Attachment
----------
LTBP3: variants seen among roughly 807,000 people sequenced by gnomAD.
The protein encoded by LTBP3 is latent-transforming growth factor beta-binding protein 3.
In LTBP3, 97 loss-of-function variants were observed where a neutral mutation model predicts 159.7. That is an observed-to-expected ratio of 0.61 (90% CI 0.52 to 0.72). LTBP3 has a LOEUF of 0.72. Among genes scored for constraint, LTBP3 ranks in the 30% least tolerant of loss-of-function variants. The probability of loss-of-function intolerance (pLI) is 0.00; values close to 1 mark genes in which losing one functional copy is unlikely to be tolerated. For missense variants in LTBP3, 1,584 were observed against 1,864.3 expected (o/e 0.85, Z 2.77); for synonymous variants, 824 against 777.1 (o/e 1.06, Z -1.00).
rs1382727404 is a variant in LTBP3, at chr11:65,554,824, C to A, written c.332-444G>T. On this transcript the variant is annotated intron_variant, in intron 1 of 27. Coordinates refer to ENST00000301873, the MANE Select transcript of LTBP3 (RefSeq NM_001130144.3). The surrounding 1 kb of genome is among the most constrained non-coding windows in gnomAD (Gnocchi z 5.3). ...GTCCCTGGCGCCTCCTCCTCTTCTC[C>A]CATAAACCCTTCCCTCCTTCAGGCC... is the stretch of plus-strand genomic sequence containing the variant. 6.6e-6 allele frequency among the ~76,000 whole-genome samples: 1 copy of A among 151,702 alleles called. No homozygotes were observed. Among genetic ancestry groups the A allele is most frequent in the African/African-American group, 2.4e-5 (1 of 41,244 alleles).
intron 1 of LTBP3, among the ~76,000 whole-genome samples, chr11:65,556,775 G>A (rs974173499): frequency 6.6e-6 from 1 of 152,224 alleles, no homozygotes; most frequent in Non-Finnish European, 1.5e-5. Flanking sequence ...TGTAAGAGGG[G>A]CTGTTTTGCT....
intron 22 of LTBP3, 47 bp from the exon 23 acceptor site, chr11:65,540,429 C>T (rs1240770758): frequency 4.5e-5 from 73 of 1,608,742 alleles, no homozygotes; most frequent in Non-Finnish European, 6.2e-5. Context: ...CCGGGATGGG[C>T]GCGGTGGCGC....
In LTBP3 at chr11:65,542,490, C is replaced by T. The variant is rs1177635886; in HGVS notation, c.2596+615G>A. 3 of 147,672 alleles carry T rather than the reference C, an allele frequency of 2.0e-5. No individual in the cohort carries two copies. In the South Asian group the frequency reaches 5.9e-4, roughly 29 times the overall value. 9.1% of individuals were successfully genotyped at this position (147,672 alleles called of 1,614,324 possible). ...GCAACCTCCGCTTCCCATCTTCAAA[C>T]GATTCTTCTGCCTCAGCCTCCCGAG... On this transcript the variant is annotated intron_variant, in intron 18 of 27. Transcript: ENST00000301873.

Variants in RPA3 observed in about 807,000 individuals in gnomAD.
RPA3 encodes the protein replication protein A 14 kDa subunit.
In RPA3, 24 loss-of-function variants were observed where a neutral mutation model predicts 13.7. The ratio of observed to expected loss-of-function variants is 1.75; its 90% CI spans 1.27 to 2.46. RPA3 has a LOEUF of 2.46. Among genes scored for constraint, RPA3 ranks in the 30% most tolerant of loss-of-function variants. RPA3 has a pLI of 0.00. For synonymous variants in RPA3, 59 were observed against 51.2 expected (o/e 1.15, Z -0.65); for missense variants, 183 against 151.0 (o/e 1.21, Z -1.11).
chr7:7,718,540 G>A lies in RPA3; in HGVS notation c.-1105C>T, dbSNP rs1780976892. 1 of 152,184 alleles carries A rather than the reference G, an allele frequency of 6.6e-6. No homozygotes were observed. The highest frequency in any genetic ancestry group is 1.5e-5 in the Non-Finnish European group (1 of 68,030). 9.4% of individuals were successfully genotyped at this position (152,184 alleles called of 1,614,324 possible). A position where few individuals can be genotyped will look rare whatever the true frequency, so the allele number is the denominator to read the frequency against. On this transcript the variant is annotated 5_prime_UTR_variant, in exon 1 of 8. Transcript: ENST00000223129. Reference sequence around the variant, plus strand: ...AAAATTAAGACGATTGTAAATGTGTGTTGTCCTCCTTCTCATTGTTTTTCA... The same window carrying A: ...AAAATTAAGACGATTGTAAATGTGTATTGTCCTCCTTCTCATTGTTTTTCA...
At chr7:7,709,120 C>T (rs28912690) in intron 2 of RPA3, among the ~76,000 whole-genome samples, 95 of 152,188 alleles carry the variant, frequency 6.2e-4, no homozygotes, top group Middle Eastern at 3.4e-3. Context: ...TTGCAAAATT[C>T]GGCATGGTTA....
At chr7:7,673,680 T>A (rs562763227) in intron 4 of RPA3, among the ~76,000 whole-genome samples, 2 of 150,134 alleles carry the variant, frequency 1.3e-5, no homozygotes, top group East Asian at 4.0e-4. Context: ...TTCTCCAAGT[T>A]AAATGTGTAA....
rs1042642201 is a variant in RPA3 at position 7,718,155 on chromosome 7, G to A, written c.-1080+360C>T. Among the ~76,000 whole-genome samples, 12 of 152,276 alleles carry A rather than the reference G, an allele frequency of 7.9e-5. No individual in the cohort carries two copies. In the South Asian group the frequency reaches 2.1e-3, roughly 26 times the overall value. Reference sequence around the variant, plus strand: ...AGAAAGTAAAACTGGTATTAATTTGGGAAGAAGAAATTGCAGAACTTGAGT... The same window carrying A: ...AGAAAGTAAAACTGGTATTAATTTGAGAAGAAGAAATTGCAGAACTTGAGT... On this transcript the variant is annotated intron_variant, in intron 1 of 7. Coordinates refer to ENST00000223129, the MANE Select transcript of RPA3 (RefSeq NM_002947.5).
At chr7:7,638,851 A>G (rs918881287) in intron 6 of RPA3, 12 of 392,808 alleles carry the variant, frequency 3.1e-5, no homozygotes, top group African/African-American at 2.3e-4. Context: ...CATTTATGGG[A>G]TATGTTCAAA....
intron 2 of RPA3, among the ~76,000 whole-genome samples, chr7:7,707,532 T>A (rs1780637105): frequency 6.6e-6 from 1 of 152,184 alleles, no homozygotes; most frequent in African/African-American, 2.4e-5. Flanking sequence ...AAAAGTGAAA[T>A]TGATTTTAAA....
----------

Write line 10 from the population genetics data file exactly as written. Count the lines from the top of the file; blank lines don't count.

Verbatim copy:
In RPA3, 24 loss-of-function variants were observed where a neutral mutation model predicts 13.7. The ratio of observed to expected loss-of-function variants is 1.75; its 90% CI spans 1.27 to 2.46. RPA3 has a LOEUF of 2.46. Among genes scored for constraint, RPA3 ranks in the 30% most tolerant of loss-of-function variants. RPA3 has a pLI of 0.00. For synonymous variants in RPA3, 59 were observed against 51.2 expected (o/e 1.15, Z -0.65); for missense variants, 183 against 151.0 (o/e 1.21, Z -1.11).